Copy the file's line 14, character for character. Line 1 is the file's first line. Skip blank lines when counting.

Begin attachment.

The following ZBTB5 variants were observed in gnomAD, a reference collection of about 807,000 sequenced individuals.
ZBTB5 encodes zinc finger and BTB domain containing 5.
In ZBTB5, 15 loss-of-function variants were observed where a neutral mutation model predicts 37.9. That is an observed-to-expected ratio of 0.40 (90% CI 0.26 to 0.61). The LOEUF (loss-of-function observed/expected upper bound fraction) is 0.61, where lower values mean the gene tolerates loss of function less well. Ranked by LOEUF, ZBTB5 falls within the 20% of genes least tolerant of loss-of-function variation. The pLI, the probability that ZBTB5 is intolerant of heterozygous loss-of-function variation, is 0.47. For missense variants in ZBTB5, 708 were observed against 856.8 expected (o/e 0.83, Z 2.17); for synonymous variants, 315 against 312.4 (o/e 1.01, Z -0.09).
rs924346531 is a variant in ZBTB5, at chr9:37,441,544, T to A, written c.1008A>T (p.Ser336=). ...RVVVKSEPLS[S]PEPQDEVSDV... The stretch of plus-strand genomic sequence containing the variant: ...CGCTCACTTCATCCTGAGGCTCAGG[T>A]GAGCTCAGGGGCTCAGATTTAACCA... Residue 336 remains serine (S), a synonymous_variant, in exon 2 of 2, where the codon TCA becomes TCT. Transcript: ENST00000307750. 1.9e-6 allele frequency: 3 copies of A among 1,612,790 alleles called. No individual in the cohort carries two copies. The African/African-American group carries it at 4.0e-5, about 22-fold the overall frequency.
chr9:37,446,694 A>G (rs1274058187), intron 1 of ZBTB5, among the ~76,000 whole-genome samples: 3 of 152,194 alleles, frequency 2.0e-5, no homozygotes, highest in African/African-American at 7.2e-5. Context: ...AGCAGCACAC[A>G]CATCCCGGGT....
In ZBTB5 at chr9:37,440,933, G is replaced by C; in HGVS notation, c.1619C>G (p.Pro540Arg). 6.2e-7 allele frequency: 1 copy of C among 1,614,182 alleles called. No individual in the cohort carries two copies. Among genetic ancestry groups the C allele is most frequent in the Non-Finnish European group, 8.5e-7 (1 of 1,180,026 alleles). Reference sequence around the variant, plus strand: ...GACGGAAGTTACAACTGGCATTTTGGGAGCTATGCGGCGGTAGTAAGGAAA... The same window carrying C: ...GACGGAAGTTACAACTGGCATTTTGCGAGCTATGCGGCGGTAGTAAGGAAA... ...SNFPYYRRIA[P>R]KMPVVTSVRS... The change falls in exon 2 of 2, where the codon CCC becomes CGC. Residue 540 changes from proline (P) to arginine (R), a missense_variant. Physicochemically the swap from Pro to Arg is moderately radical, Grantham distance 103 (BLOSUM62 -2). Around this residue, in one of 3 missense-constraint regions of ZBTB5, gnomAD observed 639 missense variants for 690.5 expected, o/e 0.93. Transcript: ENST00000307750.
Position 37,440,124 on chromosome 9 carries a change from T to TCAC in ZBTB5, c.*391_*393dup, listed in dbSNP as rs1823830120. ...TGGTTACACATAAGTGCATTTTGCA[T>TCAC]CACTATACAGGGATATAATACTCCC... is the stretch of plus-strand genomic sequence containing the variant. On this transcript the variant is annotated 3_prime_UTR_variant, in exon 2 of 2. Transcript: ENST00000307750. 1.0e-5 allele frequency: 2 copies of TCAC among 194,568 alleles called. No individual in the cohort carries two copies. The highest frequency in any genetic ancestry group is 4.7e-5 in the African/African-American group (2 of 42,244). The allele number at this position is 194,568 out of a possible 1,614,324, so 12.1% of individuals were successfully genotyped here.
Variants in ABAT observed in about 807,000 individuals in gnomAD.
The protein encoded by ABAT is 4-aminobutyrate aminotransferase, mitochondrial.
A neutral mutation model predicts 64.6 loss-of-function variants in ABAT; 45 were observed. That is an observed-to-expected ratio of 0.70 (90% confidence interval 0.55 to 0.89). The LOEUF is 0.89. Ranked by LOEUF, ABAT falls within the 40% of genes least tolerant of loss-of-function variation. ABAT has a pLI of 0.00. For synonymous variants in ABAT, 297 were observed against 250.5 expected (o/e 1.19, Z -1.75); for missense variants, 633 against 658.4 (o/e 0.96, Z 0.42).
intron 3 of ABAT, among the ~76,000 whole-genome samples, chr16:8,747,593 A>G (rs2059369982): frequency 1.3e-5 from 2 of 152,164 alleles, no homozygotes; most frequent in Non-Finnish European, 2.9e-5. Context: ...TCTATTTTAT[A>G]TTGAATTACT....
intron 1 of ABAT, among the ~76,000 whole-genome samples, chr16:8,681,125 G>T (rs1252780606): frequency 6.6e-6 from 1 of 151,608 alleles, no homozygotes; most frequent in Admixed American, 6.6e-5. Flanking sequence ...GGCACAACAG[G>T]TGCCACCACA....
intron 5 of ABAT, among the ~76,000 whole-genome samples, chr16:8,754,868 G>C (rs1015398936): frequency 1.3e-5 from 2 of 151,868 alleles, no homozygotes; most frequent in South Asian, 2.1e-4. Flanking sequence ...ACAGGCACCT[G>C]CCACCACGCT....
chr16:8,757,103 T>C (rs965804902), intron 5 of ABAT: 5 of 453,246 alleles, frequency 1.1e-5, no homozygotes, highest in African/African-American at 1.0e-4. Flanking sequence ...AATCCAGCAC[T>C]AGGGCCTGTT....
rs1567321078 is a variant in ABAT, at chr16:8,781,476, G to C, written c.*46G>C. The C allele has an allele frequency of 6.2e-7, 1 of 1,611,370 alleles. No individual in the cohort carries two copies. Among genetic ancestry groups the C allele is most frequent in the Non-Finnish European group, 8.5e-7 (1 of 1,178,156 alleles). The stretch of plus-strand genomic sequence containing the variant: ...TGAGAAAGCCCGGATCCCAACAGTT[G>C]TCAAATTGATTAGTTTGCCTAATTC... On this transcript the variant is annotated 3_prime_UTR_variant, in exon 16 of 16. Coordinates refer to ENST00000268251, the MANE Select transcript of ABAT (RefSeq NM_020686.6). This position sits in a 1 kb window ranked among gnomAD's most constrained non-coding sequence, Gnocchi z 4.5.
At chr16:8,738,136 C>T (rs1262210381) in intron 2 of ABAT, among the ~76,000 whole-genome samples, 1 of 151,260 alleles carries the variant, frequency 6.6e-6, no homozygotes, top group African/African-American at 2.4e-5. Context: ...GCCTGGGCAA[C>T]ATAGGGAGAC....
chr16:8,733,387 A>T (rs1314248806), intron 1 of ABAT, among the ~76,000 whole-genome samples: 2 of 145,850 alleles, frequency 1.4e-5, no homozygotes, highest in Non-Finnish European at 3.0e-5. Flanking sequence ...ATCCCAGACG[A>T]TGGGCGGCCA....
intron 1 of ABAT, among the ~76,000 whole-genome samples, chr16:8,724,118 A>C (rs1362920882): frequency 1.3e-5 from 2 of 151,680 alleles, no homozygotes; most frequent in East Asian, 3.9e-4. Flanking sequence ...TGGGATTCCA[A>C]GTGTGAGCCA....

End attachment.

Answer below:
chr16:8,757,103 T>C (rs965804902), intron 5 of ABAT: 5 of 453,246 alleles, frequency 1.1e-5, no homozygotes, highest in African/African-American at 1.0e-4. Flanking sequence ...AATCCAGCAC[T>C]AGGGCCTGTT....